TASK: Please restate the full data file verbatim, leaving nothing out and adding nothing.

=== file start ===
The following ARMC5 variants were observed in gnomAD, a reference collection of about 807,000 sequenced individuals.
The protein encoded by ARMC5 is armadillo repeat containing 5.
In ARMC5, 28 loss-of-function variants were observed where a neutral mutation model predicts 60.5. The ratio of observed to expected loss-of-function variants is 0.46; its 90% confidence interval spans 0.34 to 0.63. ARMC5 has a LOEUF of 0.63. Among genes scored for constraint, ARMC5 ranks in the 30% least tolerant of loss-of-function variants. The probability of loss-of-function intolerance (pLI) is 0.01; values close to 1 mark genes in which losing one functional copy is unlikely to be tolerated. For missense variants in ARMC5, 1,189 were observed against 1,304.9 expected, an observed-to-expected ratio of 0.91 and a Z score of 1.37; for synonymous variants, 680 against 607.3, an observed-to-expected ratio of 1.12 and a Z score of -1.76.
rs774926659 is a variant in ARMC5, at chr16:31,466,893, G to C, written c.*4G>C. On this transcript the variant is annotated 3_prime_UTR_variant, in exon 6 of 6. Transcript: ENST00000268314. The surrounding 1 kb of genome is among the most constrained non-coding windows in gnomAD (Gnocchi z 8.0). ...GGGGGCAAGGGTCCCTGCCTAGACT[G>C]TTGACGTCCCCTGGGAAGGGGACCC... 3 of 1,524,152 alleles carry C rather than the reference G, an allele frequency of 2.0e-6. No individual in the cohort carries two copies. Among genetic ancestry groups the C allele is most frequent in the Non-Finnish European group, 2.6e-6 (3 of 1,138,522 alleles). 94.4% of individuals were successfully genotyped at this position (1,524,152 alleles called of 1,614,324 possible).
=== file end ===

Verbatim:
The following ARMC5 variants were observed in gnomAD, a reference collection of about 807,000 sequenced individuals.
The protein encoded by ARMC5 is armadillo repeat containing 5.
In ARMC5, 28 loss-of-function variants were observed where a neutral mutation model predicts 60.5. The ratio of observed to expected loss-of-function variants is 0.46; its 90% confidence interval spans 0.34 to 0.63. ARMC5 has a LOEUF of 0.63. Among genes scored for constraint, ARMC5 ranks in the 30% least tolerant of loss-of-function variants. The probability of loss-of-function intolerance (pLI) is 0.01; values close to 1 mark genes in which losing one functional copy is unlikely to be tolerated. For missense variants in ARMC5, 1,189 were observed against 1,304.9 expected, an observed-to-expected ratio of 0.91 and a Z score of 1.37; for synonymous variants, 680 against 607.3, an observed-to-expected ratio of 1.12 and a Z score of -1.76.
rs774926659 is a variant in ARMC5, at chr16:31,466,893, G to C, written c.*4G>C. On this transcript the variant is annotated 3_prime_UTR_variant, in exon 6 of 6. Transcript: ENST00000268314. The surrounding 1 kb of genome is among the most constrained non-coding windows in gnomAD (Gnocchi z 8.0). ...GGGGGCAAGGGTCCCTGCCTAGACT[G>C]TTGACGTCCCCTGGGAAGGGGACCC... 3 of 1,524,152 alleles carry C rather than the reference G, an allele frequency of 2.0e-6. No individual in the cohort carries two copies. Among genetic ancestry groups the C allele is most frequent in the Non-Finnish European group, 2.6e-6 (3 of 1,138,522 alleles). 94.4% of individuals were successfully genotyped at this position (1,524,152 alleles called of 1,614,324 possible).